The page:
Infant MRIs Show Autism Linked to Increased Cerebrospinal Fluid
MRIs show a brain anomaly in nearly 70 percent of babies at high risk of developing the condition who go on to be diagnosed, laying the groundwork for a predictive aid for pediatricians and the search for potential treatment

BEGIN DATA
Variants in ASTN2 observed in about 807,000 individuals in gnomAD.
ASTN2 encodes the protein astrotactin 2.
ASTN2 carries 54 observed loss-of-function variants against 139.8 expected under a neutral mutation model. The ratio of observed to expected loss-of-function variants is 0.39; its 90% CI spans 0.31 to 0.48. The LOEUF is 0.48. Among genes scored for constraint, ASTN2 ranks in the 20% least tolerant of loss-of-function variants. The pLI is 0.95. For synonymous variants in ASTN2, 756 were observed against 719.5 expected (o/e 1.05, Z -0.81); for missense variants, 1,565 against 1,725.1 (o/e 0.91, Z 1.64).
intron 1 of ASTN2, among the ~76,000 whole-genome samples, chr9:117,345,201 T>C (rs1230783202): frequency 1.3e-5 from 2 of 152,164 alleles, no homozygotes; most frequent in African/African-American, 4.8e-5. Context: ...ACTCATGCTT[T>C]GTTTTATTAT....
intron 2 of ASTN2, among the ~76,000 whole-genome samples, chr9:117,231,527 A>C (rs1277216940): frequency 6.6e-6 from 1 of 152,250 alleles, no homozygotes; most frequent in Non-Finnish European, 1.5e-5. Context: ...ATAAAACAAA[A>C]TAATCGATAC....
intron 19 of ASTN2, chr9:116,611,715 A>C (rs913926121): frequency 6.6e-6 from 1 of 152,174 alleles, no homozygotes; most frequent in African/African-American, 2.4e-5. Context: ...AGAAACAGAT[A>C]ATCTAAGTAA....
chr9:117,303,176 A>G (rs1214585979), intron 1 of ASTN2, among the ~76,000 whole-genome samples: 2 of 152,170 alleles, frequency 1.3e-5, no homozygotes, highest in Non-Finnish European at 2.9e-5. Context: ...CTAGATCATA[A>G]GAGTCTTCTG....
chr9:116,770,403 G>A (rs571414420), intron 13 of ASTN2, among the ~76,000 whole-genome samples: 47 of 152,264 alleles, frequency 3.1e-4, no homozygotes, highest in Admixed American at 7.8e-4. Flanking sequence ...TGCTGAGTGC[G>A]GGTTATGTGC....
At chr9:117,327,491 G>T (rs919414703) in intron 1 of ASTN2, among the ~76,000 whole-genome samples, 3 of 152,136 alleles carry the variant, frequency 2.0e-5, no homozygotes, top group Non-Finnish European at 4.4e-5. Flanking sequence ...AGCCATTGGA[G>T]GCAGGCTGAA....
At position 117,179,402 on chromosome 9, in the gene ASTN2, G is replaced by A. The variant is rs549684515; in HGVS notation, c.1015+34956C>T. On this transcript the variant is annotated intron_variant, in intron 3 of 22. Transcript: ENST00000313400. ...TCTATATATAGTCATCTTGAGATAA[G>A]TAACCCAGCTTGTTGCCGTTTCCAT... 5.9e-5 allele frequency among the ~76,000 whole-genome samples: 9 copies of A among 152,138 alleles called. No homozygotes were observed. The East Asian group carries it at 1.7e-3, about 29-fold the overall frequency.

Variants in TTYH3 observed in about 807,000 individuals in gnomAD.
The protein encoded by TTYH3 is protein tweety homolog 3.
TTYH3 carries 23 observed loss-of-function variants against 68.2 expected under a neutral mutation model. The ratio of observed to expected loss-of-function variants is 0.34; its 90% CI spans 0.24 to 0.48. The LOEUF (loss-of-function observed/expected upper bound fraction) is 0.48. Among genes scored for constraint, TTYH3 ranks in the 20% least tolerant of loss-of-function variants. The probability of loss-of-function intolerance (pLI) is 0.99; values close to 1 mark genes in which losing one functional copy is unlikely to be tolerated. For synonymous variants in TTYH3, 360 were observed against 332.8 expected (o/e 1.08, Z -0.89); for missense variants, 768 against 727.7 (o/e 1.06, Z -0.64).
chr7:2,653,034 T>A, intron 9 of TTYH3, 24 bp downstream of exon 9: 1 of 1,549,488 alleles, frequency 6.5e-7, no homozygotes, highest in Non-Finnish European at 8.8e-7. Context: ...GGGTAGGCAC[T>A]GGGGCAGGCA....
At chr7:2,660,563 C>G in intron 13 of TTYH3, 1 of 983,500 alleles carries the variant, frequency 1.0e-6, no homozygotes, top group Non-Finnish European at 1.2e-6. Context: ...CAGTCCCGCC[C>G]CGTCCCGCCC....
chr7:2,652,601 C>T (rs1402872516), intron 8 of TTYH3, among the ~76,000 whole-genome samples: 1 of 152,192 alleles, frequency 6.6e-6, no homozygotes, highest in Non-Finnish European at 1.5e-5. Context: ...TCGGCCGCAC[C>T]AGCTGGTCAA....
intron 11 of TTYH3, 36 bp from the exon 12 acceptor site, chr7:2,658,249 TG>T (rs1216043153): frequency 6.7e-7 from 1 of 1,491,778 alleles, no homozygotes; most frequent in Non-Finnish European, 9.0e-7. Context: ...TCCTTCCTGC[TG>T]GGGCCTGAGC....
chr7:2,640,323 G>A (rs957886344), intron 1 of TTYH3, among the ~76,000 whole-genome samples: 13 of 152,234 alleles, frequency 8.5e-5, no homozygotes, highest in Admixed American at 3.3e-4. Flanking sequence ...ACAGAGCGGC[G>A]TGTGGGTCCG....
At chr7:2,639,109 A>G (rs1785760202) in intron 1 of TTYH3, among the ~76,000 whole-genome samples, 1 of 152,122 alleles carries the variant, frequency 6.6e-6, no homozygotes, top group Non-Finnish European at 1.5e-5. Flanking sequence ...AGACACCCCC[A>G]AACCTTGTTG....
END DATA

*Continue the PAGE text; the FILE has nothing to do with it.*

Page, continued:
A national research network led by the University of North Carolina (UNC) School of Medicine’s Joseph Piven, MD, found that many toddlers diagnosed with autism at two years of age had a substantially greater amount of extra-axial cerebrospinal fluid (CSF) at six and 12 months of age, before diagnosis is possible. They also found that the more CSF at six months – as measured through MRIs – the more severe the autism symptoms were at two years of age. “The CSF is easy to see on standard MRIs and points to a potential biomarker of autism before symptoms appear years later,” said Piven, co-senior author of the study, the Thomas E. Castelloe Distinguished Professor of Psychiatry, and director of the Carolina Institute for Developmental Disabilities (CIDD). “We also think this finding provides a potential therapeutic target for a subset of people with autism.”
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